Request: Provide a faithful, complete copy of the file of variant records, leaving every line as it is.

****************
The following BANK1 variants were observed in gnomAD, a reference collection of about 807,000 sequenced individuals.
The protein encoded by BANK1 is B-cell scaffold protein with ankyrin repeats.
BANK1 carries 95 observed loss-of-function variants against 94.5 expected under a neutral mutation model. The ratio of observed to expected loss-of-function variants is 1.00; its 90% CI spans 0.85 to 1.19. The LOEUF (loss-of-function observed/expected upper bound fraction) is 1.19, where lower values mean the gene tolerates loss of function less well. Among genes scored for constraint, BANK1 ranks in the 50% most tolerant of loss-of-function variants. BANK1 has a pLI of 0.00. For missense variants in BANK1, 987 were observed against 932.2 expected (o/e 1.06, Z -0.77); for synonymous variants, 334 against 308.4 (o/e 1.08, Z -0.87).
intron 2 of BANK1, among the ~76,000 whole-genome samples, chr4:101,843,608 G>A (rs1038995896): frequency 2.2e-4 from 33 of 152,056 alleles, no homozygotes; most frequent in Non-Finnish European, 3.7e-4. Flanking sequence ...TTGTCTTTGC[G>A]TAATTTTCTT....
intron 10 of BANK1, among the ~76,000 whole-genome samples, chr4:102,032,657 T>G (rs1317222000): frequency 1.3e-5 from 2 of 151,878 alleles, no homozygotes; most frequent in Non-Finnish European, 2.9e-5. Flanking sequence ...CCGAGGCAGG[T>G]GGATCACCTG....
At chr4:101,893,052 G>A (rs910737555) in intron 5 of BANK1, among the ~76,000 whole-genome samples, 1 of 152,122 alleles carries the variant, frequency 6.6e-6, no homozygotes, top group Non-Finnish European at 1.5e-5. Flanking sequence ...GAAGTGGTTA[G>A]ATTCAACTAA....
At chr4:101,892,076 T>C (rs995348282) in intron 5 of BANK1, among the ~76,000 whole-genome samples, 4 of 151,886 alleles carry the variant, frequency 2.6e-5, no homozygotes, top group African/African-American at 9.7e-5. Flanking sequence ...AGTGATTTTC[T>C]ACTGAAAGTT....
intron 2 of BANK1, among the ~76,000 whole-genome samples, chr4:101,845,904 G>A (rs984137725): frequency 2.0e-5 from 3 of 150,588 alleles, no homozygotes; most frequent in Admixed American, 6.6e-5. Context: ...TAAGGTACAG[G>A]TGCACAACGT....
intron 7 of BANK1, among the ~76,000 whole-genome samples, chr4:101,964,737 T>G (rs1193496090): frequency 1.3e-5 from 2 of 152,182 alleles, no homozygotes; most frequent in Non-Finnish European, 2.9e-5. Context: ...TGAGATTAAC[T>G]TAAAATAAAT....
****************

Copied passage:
The following BANK1 variants were observed in gnomAD, a reference collection of about 807,000 sequenced individuals.
The protein encoded by BANK1 is B-cell scaffold protein with ankyrin repeats.
BANK1 carries 95 observed loss-of-function variants against 94.5 expected under a neutral mutation model. The ratio of observed to expected loss-of-function variants is 1.00; its 90% CI spans 0.85 to 1.19. The LOEUF (loss-of-function observed/expected upper bound fraction) is 1.19, where lower values mean the gene tolerates loss of function less well. Among genes scored for constraint, BANK1 ranks in the 50% most tolerant of loss-of-function variants. BANK1 has a pLI of 0.00. For missense variants in BANK1, 987 were observed against 932.2 expected (o/e 1.06, Z -0.77); for synonymous variants, 334 against 308.4 (o/e 1.08, Z -0.87).
intron 2 of BANK1, among the ~76,000 whole-genome samples, chr4:101,843,608 G>A (rs1038995896): frequency 2.2e-4 from 33 of 152,056 alleles, no homozygotes; most frequent in Non-Finnish European, 3.7e-4. Flanking sequence ...TTGTCTTTGC[G>A]TAATTTTCTT....
intron 10 of BANK1, among the ~76,000 whole-genome samples, chr4:102,032,657 T>G (rs1317222000): frequency 1.3e-5 from 2 of 151,878 alleles, no homozygotes; most frequent in Non-Finnish European, 2.9e-5. Flanking sequence ...CCGAGGCAGG[T>G]GGATCACCTG....
At chr4:101,893,052 G>A (rs910737555) in intron 5 of BANK1, among the ~76,000 whole-genome samples, 1 of 152,122 alleles carries the variant, frequency 6.6e-6, no homozygotes, top group Non-Finnish European at 1.5e-5. Flanking sequence ...GAAGTGGTTA[G>A]ATTCAACTAA....
At chr4:101,892,076 T>C (rs995348282) in intron 5 of BANK1, among the ~76,000 whole-genome samples, 4 of 151,886 alleles carry the variant, frequency 2.6e-5, no homozygotes, top group African/African-American at 9.7e-5. Flanking sequence ...AGTGATTTTC[T>C]ACTGAAAGTT....
intron 2 of BANK1, among the ~76,000 whole-genome samples, chr4:101,845,904 G>A (rs984137725): frequency 2.0e-5 from 3 of 150,588 alleles, no homozygotes; most frequent in Admixed American, 6.6e-5. Context: ...TAAGGTACAG[G>A]TGCACAACGT....
intron 7 of BANK1, among the ~76,000 whole-genome samples, chr4:101,964,737 T>G (rs1193496090): frequency 1.3e-5 from 2 of 152,182 alleles, no homozygotes; most frequent in Non-Finnish European, 2.9e-5. Context: ...TGAGATTAAC[T>G]TAAAATAAAT....